I am writing this on a blazingly hot late-February afternoon a few miles from where the Tropic of Capricorn bisects the South American continent. In a couple of months frieze will publish its summer ecology issue, and the irony gnaws at me that I am here weighing the ethical implications of art in the age of global warming after having flown 4,759 miles, burnt through 95 gallons of jet fuel and lofted roughly one ton of carbon dioxide into the atmosphere. Each keystroke reminds me I am sucking on the Brazilian power grid, while George Bush is coincidentally also in São Paulo, sealing a deal for the steady supply of ethanol to the US market. The move could be seen as a neo-con nod towards the proponents of alternative fuels, until you consider that Brazil, a leader in biofuel technology and production, is rapidly clearing the Amazon to produce the crops needed to make all that ethanol.
This is the year that terms such as ‘carbon footprint’, ‘sustainability’, ‘deep ecology’ and ‘the 10,000 mile Caesar salad’ entered the mainstream lexicon in the US. Al Gore became the unlikely prime agent for making climate change a sexy topic from Memphis to Nairobi, kids quizzed their parents about their position on carbon sequestration, California governor Arnold Schwarzenegger switched to a hybrid Hummer, the UN re-leased its direst report card yet about the prospects of global climate, and the City of New York threw down the gauntlet before the coal-powered Bush administration, presenting a massive 50-year master plan for making the metropolis one of the world’s greenest cities by 2050.
What is the role of the art world in all this? The long hot summer ahead is about as good an opportunity as any to do the maths. The ‘grand alignment’ of Venice, Basel, documenta and Muenster will see a record amount of globe-spanning jet travel, discount-airline city-hopping, mass shipments of art works and art tourists, top-heavy mega-yachts jostling for anchorage in the Venetian lagoon, VIP galas, after-parties, excess: energy consumed and waste produced. (Thirty years ago, during the oil crisis of the 1970s, the population, foraging zones and overall impact of the itinerant art world were negligible by comparison.) We can debate the eco-ethics of art production (does an immaterial Tino Sehgal get a green star for being inherently sustainable?), but unless everyone collectively decides that the spectrum of permissible art-making should run from Goldsworthian bio-degradable ‘leaf-litter art’ to low-impact relational aesthetics, the thornier ethical knot is not how and what artists make but how the art world, itself a subset of the grander cultural-industrial complex, addresses its own responsibility in this mess and takes steps to be more accountable.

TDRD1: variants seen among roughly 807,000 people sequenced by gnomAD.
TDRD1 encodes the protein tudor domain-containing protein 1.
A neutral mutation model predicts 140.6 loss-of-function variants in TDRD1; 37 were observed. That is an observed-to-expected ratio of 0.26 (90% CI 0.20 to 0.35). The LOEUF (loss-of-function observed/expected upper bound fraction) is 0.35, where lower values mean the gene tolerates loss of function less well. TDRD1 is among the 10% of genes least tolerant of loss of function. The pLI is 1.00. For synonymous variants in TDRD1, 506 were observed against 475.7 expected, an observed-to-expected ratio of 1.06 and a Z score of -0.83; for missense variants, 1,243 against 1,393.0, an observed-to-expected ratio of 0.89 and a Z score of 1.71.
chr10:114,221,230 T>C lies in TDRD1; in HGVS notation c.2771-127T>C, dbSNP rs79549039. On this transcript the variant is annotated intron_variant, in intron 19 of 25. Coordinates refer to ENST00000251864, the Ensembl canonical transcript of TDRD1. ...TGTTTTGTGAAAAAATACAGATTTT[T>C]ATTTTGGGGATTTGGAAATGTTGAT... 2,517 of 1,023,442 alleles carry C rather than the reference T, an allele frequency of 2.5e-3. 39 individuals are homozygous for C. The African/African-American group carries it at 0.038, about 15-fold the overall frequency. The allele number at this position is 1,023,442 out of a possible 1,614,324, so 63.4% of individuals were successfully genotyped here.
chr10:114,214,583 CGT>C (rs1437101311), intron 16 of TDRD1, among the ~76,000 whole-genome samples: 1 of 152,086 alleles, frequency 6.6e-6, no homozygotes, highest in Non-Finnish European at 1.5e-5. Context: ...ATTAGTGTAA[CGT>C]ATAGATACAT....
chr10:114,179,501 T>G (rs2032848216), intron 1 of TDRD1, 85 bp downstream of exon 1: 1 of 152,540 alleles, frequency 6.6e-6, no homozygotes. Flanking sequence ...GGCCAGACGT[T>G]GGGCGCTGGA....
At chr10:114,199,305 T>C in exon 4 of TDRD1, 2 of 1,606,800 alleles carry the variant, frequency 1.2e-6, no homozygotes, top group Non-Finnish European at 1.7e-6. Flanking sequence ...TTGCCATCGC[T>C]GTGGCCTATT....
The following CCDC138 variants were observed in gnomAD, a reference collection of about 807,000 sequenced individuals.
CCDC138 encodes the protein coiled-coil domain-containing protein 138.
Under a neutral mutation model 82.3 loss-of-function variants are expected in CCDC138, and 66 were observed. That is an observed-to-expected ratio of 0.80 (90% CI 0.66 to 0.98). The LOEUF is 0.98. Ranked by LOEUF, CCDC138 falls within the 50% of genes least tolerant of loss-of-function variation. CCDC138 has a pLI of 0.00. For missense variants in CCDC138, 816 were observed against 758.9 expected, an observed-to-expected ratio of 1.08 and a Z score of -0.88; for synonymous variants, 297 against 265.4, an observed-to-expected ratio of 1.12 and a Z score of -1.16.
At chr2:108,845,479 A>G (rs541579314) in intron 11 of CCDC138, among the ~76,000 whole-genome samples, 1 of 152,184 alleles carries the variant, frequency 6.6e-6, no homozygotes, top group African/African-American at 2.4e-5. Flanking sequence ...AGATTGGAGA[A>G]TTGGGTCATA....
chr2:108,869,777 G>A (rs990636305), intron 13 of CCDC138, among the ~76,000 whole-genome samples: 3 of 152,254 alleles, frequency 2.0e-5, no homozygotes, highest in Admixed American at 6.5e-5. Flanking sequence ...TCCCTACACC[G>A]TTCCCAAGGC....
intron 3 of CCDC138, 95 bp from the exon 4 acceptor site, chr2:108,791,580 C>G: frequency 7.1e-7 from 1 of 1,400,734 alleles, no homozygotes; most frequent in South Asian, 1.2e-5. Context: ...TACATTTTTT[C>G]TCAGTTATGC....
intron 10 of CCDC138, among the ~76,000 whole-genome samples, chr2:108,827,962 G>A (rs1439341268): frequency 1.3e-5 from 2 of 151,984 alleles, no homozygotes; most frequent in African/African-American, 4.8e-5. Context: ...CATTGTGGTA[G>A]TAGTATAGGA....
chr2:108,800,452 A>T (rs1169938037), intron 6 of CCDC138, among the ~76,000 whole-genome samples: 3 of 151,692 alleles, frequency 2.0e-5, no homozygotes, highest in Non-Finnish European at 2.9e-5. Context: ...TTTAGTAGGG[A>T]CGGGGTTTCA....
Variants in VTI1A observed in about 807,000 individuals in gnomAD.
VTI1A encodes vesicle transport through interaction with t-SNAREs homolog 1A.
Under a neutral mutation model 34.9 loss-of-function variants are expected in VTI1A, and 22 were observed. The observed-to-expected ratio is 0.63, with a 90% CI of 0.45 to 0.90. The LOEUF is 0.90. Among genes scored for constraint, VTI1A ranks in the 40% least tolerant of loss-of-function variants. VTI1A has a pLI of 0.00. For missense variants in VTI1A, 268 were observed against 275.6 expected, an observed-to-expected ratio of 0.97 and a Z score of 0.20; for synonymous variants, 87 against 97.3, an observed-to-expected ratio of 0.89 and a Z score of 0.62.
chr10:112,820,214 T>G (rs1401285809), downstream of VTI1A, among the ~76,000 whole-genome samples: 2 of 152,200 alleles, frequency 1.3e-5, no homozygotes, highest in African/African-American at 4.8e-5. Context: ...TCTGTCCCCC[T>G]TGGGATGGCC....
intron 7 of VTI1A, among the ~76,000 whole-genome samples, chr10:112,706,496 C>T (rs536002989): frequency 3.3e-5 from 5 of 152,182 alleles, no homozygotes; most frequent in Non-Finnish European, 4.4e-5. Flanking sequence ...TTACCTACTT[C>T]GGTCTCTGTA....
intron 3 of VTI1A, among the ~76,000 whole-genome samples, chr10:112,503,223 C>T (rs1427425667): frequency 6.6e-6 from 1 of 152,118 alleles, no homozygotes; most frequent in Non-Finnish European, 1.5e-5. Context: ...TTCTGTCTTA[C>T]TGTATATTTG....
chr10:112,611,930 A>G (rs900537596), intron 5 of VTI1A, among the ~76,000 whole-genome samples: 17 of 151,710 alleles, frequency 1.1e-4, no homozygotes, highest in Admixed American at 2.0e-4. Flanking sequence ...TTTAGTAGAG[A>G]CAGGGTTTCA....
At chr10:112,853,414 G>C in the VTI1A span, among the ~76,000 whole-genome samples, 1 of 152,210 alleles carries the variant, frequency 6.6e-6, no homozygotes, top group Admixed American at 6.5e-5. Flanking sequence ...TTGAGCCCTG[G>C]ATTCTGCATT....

It’s now May, and I am staring at a stack of thick ‘green issues’ piling up on the desk. It seems this year everybody has one: from Vanity Fair I learn that Leonardo DiCaprio is completing his own eco-movie, The 11th Hour (the magazine finding it fitting to fly Leo to Iceland for an Annie Leibovitz photoshoot on the Jökulsárlón glacier); from Forbes I am no longer surprised to hear Wall Street praise the outdoorsy apparel giant Patagonia Inc. for its eco-initiatives; in The New York Times magazine I read liberal hawk Thomas Friedman claiming that ‘green’ is the new patriotism and that by embracing eco-innovation the US can recapture its lost geopolitical mojo. What I learn most of all is that you can push more paper these days if the subject is green (even if the paper is not).